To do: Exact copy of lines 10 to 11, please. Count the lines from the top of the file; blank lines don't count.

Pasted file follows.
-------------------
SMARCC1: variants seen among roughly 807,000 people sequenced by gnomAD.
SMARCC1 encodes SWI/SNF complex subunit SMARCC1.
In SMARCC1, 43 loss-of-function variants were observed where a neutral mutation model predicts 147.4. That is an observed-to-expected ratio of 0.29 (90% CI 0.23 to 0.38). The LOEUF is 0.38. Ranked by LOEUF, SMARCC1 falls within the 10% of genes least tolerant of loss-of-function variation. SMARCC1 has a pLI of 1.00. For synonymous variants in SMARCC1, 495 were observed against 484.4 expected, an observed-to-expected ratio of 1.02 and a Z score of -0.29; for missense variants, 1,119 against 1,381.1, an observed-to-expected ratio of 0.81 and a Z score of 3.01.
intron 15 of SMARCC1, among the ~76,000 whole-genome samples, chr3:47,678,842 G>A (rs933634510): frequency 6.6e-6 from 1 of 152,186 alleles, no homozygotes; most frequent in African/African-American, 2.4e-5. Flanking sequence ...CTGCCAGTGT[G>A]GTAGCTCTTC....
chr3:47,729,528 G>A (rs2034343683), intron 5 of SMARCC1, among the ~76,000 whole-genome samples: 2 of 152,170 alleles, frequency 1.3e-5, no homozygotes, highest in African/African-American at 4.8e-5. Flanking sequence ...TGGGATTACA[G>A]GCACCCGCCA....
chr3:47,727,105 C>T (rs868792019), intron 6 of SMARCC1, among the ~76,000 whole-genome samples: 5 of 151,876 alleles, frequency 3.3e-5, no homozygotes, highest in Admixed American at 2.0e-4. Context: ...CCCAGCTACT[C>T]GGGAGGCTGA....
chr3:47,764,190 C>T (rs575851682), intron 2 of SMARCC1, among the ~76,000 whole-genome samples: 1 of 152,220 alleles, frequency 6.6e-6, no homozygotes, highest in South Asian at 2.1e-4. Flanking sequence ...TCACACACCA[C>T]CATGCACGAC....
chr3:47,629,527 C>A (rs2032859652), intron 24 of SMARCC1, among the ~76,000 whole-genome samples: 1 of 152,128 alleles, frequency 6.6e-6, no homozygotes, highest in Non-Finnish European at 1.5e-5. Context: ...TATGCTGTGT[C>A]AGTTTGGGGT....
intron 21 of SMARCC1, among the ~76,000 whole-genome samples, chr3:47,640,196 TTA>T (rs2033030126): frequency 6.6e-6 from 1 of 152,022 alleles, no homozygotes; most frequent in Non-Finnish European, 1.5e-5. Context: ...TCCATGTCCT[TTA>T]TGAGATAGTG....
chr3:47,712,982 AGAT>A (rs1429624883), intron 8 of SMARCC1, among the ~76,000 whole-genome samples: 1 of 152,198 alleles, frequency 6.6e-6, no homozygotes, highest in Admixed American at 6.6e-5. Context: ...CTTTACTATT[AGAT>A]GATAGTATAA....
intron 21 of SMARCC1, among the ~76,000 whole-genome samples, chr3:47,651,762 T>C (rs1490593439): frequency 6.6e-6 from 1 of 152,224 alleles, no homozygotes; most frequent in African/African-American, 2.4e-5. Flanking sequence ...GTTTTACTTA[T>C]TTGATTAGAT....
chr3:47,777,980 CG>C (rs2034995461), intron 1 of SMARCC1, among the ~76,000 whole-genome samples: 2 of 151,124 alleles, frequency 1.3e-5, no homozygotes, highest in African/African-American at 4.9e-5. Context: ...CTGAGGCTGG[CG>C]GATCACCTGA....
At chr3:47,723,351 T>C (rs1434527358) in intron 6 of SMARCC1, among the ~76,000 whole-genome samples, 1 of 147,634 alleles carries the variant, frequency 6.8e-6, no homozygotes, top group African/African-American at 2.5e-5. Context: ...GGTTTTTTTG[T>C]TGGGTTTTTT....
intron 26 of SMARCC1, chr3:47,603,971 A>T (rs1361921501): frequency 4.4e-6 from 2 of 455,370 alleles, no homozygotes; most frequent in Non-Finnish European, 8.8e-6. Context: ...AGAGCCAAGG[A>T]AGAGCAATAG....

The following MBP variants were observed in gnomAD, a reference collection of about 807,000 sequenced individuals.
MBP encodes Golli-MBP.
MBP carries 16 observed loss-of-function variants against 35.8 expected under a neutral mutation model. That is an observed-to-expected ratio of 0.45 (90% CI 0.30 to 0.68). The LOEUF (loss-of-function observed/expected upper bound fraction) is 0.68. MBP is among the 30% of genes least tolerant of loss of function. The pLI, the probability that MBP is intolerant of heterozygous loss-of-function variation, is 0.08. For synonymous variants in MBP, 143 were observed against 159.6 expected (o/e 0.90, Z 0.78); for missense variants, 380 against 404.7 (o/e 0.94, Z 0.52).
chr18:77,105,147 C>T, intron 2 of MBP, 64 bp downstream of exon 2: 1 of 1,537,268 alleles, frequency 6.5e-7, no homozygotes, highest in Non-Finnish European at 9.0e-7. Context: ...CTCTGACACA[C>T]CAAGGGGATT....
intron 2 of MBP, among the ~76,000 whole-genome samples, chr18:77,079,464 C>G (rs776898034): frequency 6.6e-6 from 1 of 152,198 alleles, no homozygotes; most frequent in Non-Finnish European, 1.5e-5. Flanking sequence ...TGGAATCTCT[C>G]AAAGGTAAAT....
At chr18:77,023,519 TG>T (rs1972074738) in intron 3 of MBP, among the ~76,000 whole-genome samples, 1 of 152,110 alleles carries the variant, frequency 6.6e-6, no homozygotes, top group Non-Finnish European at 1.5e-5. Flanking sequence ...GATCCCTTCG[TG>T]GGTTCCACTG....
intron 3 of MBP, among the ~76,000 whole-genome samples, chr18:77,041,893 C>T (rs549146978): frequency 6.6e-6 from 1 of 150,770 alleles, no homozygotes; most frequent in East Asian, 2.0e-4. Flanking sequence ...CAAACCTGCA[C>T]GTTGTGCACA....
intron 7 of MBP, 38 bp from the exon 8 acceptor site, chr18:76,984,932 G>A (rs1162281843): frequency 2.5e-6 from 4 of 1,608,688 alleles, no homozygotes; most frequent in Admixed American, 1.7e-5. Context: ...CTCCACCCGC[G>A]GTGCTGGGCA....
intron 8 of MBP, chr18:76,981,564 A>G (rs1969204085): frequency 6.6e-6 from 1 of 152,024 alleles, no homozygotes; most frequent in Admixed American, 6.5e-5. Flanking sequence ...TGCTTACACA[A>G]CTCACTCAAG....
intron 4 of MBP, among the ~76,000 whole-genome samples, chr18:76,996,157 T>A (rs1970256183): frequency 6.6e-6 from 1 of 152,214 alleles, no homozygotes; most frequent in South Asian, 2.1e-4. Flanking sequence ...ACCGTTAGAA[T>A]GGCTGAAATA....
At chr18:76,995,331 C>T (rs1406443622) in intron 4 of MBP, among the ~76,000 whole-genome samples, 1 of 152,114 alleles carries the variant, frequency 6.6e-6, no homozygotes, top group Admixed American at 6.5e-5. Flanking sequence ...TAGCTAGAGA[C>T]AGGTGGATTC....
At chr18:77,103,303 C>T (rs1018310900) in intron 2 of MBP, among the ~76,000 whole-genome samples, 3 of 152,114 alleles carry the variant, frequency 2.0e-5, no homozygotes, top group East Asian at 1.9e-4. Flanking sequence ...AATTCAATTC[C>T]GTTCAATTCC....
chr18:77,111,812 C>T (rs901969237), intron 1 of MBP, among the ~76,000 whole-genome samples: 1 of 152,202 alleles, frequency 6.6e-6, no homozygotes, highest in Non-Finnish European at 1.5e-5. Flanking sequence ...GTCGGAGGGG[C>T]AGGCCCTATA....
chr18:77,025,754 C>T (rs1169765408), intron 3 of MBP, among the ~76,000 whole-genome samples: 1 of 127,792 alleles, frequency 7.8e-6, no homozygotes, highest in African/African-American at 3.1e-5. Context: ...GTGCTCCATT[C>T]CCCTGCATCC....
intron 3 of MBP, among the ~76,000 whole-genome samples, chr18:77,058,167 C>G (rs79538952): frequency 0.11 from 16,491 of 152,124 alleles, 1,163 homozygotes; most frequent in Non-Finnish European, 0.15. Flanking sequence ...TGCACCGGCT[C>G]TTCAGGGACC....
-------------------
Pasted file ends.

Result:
chr3:47,712,982 AGAT>A (rs1429624883), intron 8 of SMARCC1, among the ~76,000 whole-genome samples: 1 of 152,198 alleles, frequency 6.6e-6, no homozygotes, highest in Admixed American at 6.6e-5. Context: ...CTTTACTATT[AGAT>A]GATAGTATAA....
intron 21 of SMARCC1, among the ~76,000 whole-genome samples, chr3:47,651,762 T>C (rs1490593439): frequency 6.6e-6 from 1 of 152,224 alleles, no homozygotes; most frequent in African/African-American, 2.4e-5. Flanking sequence ...GTTTTACTTA[T>C]TTGATTAGAT....